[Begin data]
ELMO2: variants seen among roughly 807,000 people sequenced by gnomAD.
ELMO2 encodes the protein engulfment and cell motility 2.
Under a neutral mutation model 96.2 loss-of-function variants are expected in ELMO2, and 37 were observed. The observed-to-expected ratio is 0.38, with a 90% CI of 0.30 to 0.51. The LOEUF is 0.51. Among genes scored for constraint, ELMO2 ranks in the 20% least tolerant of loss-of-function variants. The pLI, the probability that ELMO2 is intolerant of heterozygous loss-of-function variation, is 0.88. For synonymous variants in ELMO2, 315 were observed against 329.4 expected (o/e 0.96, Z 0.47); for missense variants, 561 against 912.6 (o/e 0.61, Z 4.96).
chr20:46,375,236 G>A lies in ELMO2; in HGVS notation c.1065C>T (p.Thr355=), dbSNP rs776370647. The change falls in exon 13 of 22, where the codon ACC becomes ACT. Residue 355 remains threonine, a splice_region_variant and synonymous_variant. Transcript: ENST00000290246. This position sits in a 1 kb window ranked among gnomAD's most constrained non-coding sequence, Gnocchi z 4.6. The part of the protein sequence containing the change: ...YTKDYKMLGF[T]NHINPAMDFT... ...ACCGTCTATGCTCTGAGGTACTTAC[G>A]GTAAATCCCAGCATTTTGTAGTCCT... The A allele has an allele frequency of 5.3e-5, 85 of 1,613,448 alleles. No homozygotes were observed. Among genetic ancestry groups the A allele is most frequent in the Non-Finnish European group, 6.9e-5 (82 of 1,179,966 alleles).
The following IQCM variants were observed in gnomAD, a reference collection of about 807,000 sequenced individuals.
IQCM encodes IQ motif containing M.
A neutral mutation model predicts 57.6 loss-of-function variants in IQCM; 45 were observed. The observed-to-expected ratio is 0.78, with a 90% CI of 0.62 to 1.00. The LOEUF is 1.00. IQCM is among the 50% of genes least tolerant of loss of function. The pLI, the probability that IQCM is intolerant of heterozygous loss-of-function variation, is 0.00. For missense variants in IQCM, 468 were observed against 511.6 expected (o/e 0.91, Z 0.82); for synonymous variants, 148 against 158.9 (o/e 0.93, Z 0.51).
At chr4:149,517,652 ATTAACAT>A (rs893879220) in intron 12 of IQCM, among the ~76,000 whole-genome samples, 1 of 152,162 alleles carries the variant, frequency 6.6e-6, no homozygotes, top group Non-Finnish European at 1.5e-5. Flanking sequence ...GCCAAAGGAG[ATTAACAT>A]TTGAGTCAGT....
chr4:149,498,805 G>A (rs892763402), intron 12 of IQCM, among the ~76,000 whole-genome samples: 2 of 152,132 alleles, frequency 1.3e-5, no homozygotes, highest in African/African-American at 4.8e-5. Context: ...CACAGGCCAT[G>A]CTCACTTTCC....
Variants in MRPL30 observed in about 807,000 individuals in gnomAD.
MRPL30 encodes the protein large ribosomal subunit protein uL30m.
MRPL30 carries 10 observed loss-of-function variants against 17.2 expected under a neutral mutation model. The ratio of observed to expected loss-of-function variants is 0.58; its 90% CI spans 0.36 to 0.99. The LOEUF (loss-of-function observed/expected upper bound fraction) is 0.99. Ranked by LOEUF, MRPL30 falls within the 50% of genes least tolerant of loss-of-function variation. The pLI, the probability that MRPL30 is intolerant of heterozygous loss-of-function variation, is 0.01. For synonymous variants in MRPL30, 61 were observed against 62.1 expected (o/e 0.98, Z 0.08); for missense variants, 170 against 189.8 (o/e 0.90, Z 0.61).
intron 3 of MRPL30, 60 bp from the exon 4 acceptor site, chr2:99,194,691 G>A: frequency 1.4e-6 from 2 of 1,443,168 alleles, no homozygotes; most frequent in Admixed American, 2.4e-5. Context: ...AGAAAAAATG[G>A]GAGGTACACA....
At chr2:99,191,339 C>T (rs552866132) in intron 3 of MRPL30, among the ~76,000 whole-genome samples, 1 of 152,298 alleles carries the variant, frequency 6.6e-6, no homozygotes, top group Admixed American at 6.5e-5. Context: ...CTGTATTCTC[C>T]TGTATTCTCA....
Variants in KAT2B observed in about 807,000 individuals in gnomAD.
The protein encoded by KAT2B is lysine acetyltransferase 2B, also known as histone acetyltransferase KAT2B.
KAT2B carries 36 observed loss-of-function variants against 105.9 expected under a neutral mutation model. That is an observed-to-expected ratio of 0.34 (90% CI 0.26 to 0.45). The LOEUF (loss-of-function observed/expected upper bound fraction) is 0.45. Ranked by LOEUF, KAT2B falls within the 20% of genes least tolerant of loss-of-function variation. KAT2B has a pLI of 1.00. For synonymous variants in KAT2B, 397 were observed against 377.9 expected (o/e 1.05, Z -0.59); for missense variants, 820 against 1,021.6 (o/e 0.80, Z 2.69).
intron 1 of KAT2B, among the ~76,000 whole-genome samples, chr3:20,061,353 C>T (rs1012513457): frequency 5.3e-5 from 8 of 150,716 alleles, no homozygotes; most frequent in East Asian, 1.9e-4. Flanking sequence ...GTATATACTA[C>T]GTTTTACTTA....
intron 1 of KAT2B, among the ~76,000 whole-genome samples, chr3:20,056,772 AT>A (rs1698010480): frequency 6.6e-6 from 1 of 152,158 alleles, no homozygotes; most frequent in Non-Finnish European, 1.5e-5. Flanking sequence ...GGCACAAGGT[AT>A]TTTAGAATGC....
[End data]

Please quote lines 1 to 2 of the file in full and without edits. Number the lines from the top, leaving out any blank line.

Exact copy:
ELMO2: variants seen among roughly 807,000 people sequenced by gnomAD.
ELMO2 encodes the protein engulfment and cell motility 2.